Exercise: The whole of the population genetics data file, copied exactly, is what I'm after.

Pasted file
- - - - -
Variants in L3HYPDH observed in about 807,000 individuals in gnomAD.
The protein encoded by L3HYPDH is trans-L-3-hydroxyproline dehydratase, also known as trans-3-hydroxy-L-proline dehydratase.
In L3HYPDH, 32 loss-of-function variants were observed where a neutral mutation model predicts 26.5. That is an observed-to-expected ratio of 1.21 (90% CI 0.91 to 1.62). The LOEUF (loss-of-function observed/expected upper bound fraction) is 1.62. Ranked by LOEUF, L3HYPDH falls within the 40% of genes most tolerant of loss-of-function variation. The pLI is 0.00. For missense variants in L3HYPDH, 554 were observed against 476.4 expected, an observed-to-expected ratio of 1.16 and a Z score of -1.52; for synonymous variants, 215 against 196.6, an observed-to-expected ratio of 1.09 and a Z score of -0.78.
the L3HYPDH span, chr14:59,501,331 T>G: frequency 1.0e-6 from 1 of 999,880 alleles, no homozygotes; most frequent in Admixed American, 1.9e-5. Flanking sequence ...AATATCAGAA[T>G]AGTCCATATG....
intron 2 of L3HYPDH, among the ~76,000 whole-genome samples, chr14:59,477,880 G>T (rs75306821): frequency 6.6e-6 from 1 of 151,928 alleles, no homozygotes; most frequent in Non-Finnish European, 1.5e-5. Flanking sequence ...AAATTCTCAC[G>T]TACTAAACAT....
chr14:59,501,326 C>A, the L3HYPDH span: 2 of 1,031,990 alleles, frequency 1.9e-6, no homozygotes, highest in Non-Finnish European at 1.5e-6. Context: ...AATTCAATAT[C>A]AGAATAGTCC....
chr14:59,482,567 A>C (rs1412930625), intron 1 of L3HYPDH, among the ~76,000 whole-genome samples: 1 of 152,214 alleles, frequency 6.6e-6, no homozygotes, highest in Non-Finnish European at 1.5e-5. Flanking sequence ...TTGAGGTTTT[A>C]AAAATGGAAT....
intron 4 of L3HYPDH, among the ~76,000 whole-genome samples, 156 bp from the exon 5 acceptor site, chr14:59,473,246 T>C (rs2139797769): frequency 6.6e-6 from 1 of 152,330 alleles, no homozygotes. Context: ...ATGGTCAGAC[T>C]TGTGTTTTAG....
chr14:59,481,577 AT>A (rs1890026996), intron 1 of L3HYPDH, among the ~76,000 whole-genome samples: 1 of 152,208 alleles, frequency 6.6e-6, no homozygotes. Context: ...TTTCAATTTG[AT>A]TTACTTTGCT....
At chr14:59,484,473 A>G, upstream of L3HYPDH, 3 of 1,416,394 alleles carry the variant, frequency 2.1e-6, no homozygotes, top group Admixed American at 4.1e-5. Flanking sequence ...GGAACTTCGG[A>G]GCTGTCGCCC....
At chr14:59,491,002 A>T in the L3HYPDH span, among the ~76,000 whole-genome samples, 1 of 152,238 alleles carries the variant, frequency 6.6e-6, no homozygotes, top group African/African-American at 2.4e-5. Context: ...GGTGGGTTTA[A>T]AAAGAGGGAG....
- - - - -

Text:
Variants in L3HYPDH observed in about 807,000 individuals in gnomAD.
The protein encoded by L3HYPDH is trans-L-3-hydroxyproline dehydratase, also known as trans-3-hydroxy-L-proline dehydratase.
In L3HYPDH, 32 loss-of-function variants were observed where a neutral mutation model predicts 26.5. That is an observed-to-expected ratio of 1.21 (90% CI 0.91 to 1.62). The LOEUF (loss-of-function observed/expected upper bound fraction) is 1.62. Ranked by LOEUF, L3HYPDH falls within the 40% of genes most tolerant of loss-of-function variation. The pLI is 0.00. For missense variants in L3HYPDH, 554 were observed against 476.4 expected, an observed-to-expected ratio of 1.16 and a Z score of -1.52; for synonymous variants, 215 against 196.6, an observed-to-expected ratio of 1.09 and a Z score of -0.78.
the L3HYPDH span, chr14:59,501,331 T>G: frequency 1.0e-6 from 1 of 999,880 alleles, no homozygotes; most frequent in Admixed American, 1.9e-5. Flanking sequence ...AATATCAGAA[T>G]AGTCCATATG....
intron 2 of L3HYPDH, among the ~76,000 whole-genome samples, chr14:59,477,880 G>T (rs75306821): frequency 6.6e-6 from 1 of 151,928 alleles, no homozygotes; most frequent in Non-Finnish European, 1.5e-5. Flanking sequence ...AAATTCTCAC[G>T]TACTAAACAT....
chr14:59,501,326 C>A, the L3HYPDH span: 2 of 1,031,990 alleles, frequency 1.9e-6, no homozygotes, highest in Non-Finnish European at 1.5e-6. Context: ...AATTCAATAT[C>A]AGAATAGTCC....
chr14:59,482,567 A>C (rs1412930625), intron 1 of L3HYPDH, among the ~76,000 whole-genome samples: 1 of 152,214 alleles, frequency 6.6e-6, no homozygotes, highest in Non-Finnish European at 1.5e-5. Flanking sequence ...TTGAGGTTTT[A>C]AAAATGGAAT....
intron 4 of L3HYPDH, among the ~76,000 whole-genome samples, 156 bp from the exon 5 acceptor site, chr14:59,473,246 T>C (rs2139797769): frequency 6.6e-6 from 1 of 152,330 alleles, no homozygotes. Context: ...ATGGTCAGAC[T>C]TGTGTTTTAG....
chr14:59,481,577 AT>A (rs1890026996), intron 1 of L3HYPDH, among the ~76,000 whole-genome samples: 1 of 152,208 alleles, frequency 6.6e-6, no homozygotes. Context: ...TTTCAATTTG[AT>A]TTACTTTGCT....
At chr14:59,484,473 A>G, upstream of L3HYPDH, 3 of 1,416,394 alleles carry the variant, frequency 2.1e-6, no homozygotes, top group Admixed American at 4.1e-5. Flanking sequence ...GGAACTTCGG[A>G]GCTGTCGCCC....
At chr14:59,491,002 A>T in the L3HYPDH span, among the ~76,000 whole-genome samples, 1 of 152,238 alleles carries the variant, frequency 6.6e-6, no homozygotes, top group African/African-American at 2.4e-5. Context: ...GGTGGGTTTA[A>T]AAAGAGGGAG....